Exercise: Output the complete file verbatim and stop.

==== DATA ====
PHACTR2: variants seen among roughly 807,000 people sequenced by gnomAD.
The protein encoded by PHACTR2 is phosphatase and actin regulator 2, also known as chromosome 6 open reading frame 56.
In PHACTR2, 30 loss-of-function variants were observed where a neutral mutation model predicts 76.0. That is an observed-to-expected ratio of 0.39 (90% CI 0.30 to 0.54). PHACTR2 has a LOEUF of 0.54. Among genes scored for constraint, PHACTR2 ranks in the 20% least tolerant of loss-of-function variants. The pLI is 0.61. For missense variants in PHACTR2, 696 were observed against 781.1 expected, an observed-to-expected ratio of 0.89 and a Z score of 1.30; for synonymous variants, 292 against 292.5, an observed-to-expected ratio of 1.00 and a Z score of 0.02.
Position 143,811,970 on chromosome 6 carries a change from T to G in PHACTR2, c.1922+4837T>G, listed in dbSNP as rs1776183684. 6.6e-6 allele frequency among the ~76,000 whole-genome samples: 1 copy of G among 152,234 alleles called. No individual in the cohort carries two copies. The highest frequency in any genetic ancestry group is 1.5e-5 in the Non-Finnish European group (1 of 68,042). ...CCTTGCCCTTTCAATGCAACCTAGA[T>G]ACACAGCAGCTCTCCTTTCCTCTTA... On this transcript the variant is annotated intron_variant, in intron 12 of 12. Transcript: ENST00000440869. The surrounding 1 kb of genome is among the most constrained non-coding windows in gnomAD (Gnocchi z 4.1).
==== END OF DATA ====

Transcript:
PHACTR2: variants seen among roughly 807,000 people sequenced by gnomAD.
The protein encoded by PHACTR2 is phosphatase and actin regulator 2, also known as chromosome 6 open reading frame 56.
In PHACTR2, 30 loss-of-function variants were observed where a neutral mutation model predicts 76.0. That is an observed-to-expected ratio of 0.39 (90% CI 0.30 to 0.54). PHACTR2 has a LOEUF of 0.54. Among genes scored for constraint, PHACTR2 ranks in the 20% least tolerant of loss-of-function variants. The pLI is 0.61. For missense variants in PHACTR2, 696 were observed against 781.1 expected, an observed-to-expected ratio of 0.89 and a Z score of 1.30; for synonymous variants, 292 against 292.5, an observed-to-expected ratio of 1.00 and a Z score of 0.02.
Position 143,811,970 on chromosome 6 carries a change from T to G in PHACTR2, c.1922+4837T>G, listed in dbSNP as rs1776183684. 6.6e-6 allele frequency among the ~76,000 whole-genome samples: 1 copy of G among 152,234 alleles called. No individual in the cohort carries two copies. The highest frequency in any genetic ancestry group is 1.5e-5 in the Non-Finnish European group (1 of 68,042). ...CCTTGCCCTTTCAATGCAACCTAGA[T>G]ACACAGCAGCTCTCCTTTCCTCTTA... On this transcript the variant is annotated intron_variant, in intron 12 of 12. Transcript: ENST00000440869. The surrounding 1 kb of genome is among the most constrained non-coding windows in gnomAD (Gnocchi z 4.1).